"Sending Black folks in White coats to infiltrate our congregation..."-Scarface
I'm on the treadmill this morning, trying to sweat out all of these toxins I've been indulging in over the last nine days. Unfortunately, the treadmill had a TV on it, which allowed me to partake of yet another toxin in the form of this interview.
Thomas Chatterton Williams is the author of a book called "Losing My Cool." Its a book about how he...eh, let me let his synopsis explain:
Like many young men in America, Thomas Chatterton Williams grew up in awe of Tupac Shakur, Biggie Smalls, and the parade of bling-bedecked rap stars he saw on Black Entertainment Television. Williams emulated their lifestyle - sporting chains and expensive designer clothes purchased for him by his girlfriends, who were themselves little more than accessories to Williams. He and his friends roamed the streets, maintaining their status by intimidating passersby. In public, Williams lived the thug life exalted in his favorite rap anthems, yet at the end of the day, unlike many of his peers, Williams went home to a haven of learning and intellectualism--a safe, enriching environment filled with literature provided by Williams' father, known as "Pappy".
In LOSING MY COOL: How a Father's Love and 15,000 Books Beat Hip-Hop Culture (The Penguin Press; May 2010; $24.95), Williams describes how he managed to juggle these two disparate lifestyles--"keeping it real" in his friends' eyes and studying for the SATs under his father's strict tutelage. Pappy grew up in the segregated South and hid in closets so he could read Aesop and Plato. He envisioned for his son a lot in life greater than his own, and encouraged Williams to read and educate himself, and to embrace the opportunities that had not been available to Pappy's generation. As college approached and the stakes of the thug lifestyle escalated, the disparity between Williams' street life and home life threatened to undo him. Ultimately, Williams would have to decide between hip-hop and his future.
Williams is the first of his generation to measure the seductive power of hip-hop against its restrictive worldview, which ultimately leaves those who live it isolated and powerless. LOSING MY COOL portrays the allure and the danger of hip-hop culture like no book has before.
Of course the news is going to want to interview guys like this because it supports the narrow view that they already have of "Hip Hop Culture." They think that its all gold chains, Timbalands, blunts and 40s...when its actually wood necklaces, expensive sneakers, joints and champagne now (I keed, I keed). But still, its obvious that Sir Chatterton's exposure to "Hip Hop" was a limited one and he hasn't bothered listening to paying attention to the last ten years. Dude must have watched BET and MTV, not the actual music videos, but rather the exposes and documentaries they did on "Gangsta Rap" ever so often.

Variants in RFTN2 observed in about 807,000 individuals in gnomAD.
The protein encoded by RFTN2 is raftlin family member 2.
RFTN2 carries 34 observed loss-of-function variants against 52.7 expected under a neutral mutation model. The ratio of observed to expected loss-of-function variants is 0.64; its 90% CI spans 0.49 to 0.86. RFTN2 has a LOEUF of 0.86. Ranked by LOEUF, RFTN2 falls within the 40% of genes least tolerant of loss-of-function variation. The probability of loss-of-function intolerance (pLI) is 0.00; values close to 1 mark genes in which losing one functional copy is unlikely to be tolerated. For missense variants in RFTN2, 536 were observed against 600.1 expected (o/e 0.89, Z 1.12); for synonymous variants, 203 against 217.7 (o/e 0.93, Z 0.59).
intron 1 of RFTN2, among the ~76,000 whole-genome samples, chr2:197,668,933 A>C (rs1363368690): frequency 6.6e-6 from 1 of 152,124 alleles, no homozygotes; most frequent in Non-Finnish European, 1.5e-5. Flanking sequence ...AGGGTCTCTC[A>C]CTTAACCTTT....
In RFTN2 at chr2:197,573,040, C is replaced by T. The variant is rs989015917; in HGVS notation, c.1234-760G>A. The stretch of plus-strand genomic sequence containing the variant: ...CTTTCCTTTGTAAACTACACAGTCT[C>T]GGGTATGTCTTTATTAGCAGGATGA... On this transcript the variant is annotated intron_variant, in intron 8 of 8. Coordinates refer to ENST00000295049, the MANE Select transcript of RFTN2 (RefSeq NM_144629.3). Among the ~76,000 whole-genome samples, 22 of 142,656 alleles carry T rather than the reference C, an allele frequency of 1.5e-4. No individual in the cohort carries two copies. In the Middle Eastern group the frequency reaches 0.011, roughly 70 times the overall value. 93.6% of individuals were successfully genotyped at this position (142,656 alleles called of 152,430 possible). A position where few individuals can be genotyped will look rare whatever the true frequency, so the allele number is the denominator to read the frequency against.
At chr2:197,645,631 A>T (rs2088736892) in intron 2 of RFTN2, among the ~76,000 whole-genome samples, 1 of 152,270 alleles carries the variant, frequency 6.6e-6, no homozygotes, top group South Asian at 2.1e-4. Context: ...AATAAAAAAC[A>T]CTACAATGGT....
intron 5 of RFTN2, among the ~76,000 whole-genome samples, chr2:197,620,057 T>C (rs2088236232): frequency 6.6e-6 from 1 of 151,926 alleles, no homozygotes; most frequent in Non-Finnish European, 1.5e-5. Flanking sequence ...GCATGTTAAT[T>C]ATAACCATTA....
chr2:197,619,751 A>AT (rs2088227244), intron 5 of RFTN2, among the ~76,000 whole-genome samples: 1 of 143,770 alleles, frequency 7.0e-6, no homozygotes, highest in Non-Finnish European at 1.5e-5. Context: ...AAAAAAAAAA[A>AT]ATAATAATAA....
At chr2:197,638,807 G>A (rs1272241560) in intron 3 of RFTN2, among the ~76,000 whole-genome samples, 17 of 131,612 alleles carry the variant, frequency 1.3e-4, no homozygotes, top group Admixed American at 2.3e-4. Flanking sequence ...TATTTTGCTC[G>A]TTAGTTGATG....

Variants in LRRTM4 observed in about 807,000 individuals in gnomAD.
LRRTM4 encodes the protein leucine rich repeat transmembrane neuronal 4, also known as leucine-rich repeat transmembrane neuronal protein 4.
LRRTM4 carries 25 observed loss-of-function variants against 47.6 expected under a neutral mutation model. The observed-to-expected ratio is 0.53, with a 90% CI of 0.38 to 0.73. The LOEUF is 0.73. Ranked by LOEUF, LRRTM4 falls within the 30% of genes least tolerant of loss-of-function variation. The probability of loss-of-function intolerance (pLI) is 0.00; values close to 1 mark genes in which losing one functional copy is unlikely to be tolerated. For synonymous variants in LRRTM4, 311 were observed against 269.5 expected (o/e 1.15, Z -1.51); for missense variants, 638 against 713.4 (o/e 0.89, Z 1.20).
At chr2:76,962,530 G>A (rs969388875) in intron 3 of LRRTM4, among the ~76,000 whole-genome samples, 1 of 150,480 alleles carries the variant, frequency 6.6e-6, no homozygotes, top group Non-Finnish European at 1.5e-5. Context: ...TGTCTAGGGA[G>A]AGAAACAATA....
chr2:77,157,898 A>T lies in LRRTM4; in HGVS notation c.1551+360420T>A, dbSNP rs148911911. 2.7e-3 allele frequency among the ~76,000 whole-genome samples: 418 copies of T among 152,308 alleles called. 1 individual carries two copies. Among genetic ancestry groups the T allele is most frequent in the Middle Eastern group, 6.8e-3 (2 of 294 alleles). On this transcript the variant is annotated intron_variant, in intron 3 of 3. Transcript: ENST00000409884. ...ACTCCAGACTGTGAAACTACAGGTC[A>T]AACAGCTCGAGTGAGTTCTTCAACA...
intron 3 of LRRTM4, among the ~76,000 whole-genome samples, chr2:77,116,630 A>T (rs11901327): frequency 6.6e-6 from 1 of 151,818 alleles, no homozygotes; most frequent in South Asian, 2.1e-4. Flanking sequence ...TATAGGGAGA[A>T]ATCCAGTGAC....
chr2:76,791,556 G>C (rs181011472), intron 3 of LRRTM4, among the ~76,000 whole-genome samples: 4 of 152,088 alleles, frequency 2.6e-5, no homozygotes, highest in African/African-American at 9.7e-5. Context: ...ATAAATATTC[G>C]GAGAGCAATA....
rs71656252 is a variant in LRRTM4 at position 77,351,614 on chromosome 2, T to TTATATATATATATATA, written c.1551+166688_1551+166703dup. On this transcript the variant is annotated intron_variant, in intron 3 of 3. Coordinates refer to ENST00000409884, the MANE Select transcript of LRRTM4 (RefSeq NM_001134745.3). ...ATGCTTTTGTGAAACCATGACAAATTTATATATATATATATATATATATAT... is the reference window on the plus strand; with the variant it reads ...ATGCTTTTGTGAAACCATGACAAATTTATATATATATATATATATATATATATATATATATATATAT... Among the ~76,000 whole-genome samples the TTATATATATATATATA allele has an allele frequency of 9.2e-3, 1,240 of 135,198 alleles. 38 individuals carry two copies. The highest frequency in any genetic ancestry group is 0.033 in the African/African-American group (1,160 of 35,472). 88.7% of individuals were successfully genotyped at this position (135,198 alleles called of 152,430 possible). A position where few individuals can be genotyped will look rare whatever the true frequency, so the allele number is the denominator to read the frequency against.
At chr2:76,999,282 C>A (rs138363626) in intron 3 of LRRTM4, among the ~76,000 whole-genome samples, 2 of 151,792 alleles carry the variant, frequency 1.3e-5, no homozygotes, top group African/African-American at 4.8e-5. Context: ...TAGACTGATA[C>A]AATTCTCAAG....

And this shit about him emulating rappers, having women and intimidating passers by? You know what that sounds like to me? It sounds like in the midst of reading his 15,000 books, dude turned the TV on, saw a rap video...took his allowance and bought some Willie Esco and Phat Farm...went downtown...tried calling a woman a bitch to get her attention...got cussed out...ran home and got back into his books.
Now, do I agree that certain elements of Hip Hop can be luring and misleading. Yes, I do. But that doesn't mean that I think that the entire culture is just one thing. That's where common sense and the home-taught, not school-taught analytical skills come into play (Sir Chatterton holds degrees in philosophy and Cultural Reporting and Criticism.
Would I like to see more children get put up on the writings of James Baldwin, Richard Wright and Ralph Ellison? Of course. But don't blame this younger generation lack of knowledge solely on "Hip Hop Culture." Hip Hop Culture isn't firing teachers and closing schools. Hip Hop Culture isn't letting schools deteriorate and become filthy. Hip Hop Culture isn't removing music and P.E. from the schools. Hip Hip Culture isn't making teachers molest students and threaten to give them a failing grade if they don't impregnate them.
The subtitle of his book bothers me as well. "How A Father's Love and 15,000 Books Beat Hip Hop Culture."...hell does that mean? My Dad loves me, taught me how to fight, taught me how to love, took me to basketball games, introduced me to different genres of music (including Hip Hop) and even got me into the church...but I wound up spending most of my adult life (so far) writing about Hip Hop. Did Hip Hop culture "defeat" us?
I'm trying to keep this post cool, because I would really like to holler at this cat at his book signing tonight, plus I just informally hit him on twitter. But I'm sorry, this shit is corny. Hopefully actually reading the book and getting to talk to dude himself can change my opinion or look at this differently, but I highly doubt it.
In the spirit of the homie Chuck Creekmur's words on Fox News once. I am one of Hip Hop's biggest supporters...and detractors. Yes, there are plenty of things in this (pop) culture we call Hip Hop that bothers me. But I also know that there are wonderful things about it that still exist.
Emulating what you see on TV for a few minutes and getting in trouble for it can not be blamed on Hip Hop. Though its obvious that certain images and music get spread through the mainstream more, you can't sit here and take a blind eyed approach to an entire culture. If you emulated what you see in a 'Pac and Biggie video, but chose to turn the TV off when The Fugees or Goodie Mob came on, that's on you player.
But yeah, Williams will be speaking at Decatur Library Auditorium (215 Sycamore Street, Decatur, GA 30030) tonight at 7:15. Its right across from the street from the Decatur MARTA Station. Fall through.